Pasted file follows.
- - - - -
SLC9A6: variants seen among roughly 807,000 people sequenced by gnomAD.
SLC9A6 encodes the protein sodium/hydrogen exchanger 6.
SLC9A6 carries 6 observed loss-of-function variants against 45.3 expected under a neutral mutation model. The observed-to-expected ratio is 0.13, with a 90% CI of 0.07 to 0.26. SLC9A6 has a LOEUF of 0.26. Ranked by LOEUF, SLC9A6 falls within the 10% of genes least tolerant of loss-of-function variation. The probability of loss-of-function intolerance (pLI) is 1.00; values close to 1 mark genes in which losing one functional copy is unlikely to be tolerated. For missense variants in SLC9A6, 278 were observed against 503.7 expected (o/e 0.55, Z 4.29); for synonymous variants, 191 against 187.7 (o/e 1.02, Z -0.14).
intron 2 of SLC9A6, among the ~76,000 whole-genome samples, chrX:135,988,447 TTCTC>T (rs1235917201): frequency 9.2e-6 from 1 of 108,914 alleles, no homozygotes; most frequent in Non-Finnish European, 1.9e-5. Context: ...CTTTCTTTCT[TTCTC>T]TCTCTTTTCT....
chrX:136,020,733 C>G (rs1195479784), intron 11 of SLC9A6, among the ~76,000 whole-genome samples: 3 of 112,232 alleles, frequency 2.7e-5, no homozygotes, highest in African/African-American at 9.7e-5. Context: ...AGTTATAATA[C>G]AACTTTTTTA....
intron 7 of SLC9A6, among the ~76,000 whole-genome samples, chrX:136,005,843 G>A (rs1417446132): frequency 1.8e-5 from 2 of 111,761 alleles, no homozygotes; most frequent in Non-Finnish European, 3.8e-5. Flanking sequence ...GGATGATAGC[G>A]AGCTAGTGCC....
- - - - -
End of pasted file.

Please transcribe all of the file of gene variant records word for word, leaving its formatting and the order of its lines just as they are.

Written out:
SLC9A6: variants seen among roughly 807,000 people sequenced by gnomAD.
SLC9A6 encodes the protein sodium/hydrogen exchanger 6.
SLC9A6 carries 6 observed loss-of-function variants against 45.3 expected under a neutral mutation model. The observed-to-expected ratio is 0.13, with a 90% CI of 0.07 to 0.26. SLC9A6 has a LOEUF of 0.26. Ranked by LOEUF, SLC9A6 falls within the 10% of genes least tolerant of loss-of-function variation. The probability of loss-of-function intolerance (pLI) is 1.00; values close to 1 mark genes in which losing one functional copy is unlikely to be tolerated. For missense variants in SLC9A6, 278 were observed against 503.7 expected (o/e 0.55, Z 4.29); for synonymous variants, 191 against 187.7 (o/e 1.02, Z -0.14).
intron 2 of SLC9A6, among the ~76,000 whole-genome samples, chrX:135,988,447 TTCTC>T (rs1235917201): frequency 9.2e-6 from 1 of 108,914 alleles, no homozygotes; most frequent in Non-Finnish European, 1.9e-5. Context: ...CTTTCTTTCT[TTCTC>T]TCTCTTTTCT....
chrX:136,020,733 C>G (rs1195479784), intron 11 of SLC9A6, among the ~76,000 whole-genome samples: 3 of 112,232 alleles, frequency 2.7e-5, no homozygotes, highest in African/African-American at 9.7e-5. Context: ...AGTTATAATA[C>G]AACTTTTTTA....
intron 7 of SLC9A6, among the ~76,000 whole-genome samples, chrX:136,005,843 G>A (rs1417446132): frequency 1.8e-5 from 2 of 111,761 alleles, no homozygotes; most frequent in Non-Finnish European, 3.8e-5. Flanking sequence ...GGATGATAGC[G>A]AGCTAGTGCC....